(Photo by Bryan Taylor)
From Austin, Texas, Drip-Fed whips up a tension that just devastates: diamond-bright punk twang and heavy low-end clash with frontman Jeffrey Blum’s severely depressed vocals. This is anthemic and desperate music, for fans of Black Flag, Fucked Up, Culture Abuse, Ghostlimb, and the like. Under the Wave Blanket was recorded and mixed by Keith Hernandez, and mastered by Brad Boatright (Nails, Full of Hell).
Drip-Fed’s new seven-inch, Under the Wave Blanket, is out on Red Flag Records amd Ghettoblaster caught up with Blum to discuss the effort, depression and abusers. This is what he told us.
What is it about Drip-Fed that makes it a rewarding endeavor for you?
I think we’re doing something unique and genuine. That is more rewarding on a personal level than any kind of other success. Sure, I want a lot of people to hear our music, but the reward for me is creating art that I know is coming from an honest place. Everything else is background noise.
Were there themes that you were specifically hoping to tackle with Under The Wave Blanket?
Depression, drugs, chronic pain and health problems can be found in almost any Drip-Fed song whether it’s conscious or not. That’s what a lot of my life revolved around so that’s what ends up in the lyrics. Under the Wave Blanket sways more positive because it focuses on overcoming those situations.
What are your proudest moments on Under the Wave Blanket?
“The Shivers” is the best song we’ve ever written and a good indication of the direction our sound is moving towards. I’m very proud of that song. I’ve always played in hardcore and metal type bands where I just stacked riffs on top of each other. I’m finally trying to write some fucking songs. I’m proud of James and John for recording with the band for the first time. I’m proud of Nathan for continuing to be the second best bass player of all time (RIP Lemmy).
What are you hoping that people take away from listening to the release?
I hope people find it refreshing and hear something different than your standard punk band. I hope someone listens to it in their car with the windows down and feels okay for a few minutes. I hope a kid finds it in the used bin at End of an Ear in 20 years and is pumped about it.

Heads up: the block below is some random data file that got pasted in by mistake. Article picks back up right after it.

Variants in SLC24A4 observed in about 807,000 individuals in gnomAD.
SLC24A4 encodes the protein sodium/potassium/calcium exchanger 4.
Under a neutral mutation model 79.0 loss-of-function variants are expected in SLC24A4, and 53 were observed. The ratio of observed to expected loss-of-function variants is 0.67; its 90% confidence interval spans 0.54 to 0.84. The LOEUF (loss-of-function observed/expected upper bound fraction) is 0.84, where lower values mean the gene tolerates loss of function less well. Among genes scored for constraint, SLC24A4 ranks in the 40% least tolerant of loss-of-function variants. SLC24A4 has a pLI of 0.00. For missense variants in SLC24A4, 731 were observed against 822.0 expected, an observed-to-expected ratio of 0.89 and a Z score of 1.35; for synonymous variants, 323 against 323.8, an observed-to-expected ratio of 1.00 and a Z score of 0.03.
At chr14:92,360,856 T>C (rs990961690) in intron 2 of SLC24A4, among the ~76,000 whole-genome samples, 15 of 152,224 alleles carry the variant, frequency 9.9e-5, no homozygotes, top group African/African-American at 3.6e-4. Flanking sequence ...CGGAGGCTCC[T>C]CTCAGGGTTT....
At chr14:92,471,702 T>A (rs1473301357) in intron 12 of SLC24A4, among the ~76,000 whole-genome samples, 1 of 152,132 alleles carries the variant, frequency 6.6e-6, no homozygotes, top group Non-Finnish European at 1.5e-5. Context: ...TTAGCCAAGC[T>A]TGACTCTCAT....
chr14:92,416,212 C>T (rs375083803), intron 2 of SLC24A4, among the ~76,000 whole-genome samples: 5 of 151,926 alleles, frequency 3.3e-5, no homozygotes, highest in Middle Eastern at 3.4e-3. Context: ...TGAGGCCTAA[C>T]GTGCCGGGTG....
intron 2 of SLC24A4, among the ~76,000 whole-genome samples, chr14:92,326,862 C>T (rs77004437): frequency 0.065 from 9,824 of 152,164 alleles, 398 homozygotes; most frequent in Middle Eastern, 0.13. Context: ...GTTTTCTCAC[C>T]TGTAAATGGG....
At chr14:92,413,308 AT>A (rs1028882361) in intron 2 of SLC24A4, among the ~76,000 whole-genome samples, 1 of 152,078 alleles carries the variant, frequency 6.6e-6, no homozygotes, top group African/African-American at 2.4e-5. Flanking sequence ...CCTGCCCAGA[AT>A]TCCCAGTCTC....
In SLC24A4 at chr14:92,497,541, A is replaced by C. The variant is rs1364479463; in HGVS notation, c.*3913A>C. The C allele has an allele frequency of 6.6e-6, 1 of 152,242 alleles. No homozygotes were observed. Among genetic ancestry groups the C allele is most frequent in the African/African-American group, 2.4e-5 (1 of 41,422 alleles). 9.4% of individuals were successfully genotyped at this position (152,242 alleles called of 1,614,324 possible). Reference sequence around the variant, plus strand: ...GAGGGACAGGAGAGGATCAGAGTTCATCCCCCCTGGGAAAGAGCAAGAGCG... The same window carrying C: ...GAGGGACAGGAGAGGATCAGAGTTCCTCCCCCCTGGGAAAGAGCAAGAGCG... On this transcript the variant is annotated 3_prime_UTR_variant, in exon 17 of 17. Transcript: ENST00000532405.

You have both suffered from depression and witnessed the impact it has on lives during your day job. How do you stay balanced?
I don’t. I’ve accepted that I’ll never be fully balanced, but music keeps me from falling over.
What kind of toll does the job take on your condition?
Probably more of a toll than I’m aware of. Dealing with such heavy subject matter 40 hours a week will weigh on anyone, but the reward is definitely strong. I’ll remove a child from an abusive environment, help a disabled person pay their electric bill or talk to someone who is suicidal and it reminds me that it’s a job that needs to be done.
What is your best advice for someone who is also suffering from or living with depression?
Don’t be ashamed to seek help if you need it. Depression can be just as serious as any other mental illness and shouldn’t be taken lightly. Find some means of expression that gets those feelings out instead of suppressing them. If you don’t have mental illness then stop questioning if someone else’s is real or not.
How do you feel about people that abuse children?
Anyone who abuses someone in a vulnerable position is scum of the earth.
Milo Yiannopoulos was recently in the news for some comments he made about pedophilia and sexual abuse? Do you have a strong opinion about that controversy?
I try not to give too much time or energy to people like that. They’re mostly relevant because of shock value. If he truly believes the horrible shit he says then he deserves the worst. Also, fuck Breitbart.
Will you be touring anytime soon?
We’re playing some Texas dates and hopefully a tour up the west coast this summer. We will definitely be playing outside of Austin more frequently.
What is SXSW week like for those of you that live in Austin?
This is the first time in a while that I’m not playing a single SXSW show. Honestly, I’m extremely relieved. Over the past couple of years it has become more of a burden to play than a pleasure. The shows can be worth it, but as a small band you often end up playing at 2PM in some weird venue to a handful of uninterested people. Plus like 70 thousand extra people come into my city for a week and make it hard to just live my normal life. I’m sure there’s still great shows to see and free drinks to be found, but the whole thing doesn’t feel the same to me anymore. I’m probably just bitter though.
(Listen to Drip-Fed here: http://drip-fed.bandcamp.com/
Buy the cassette and vinyl, here: http://shop.redflagdiy.com)
(Photo by Bryan Taylor)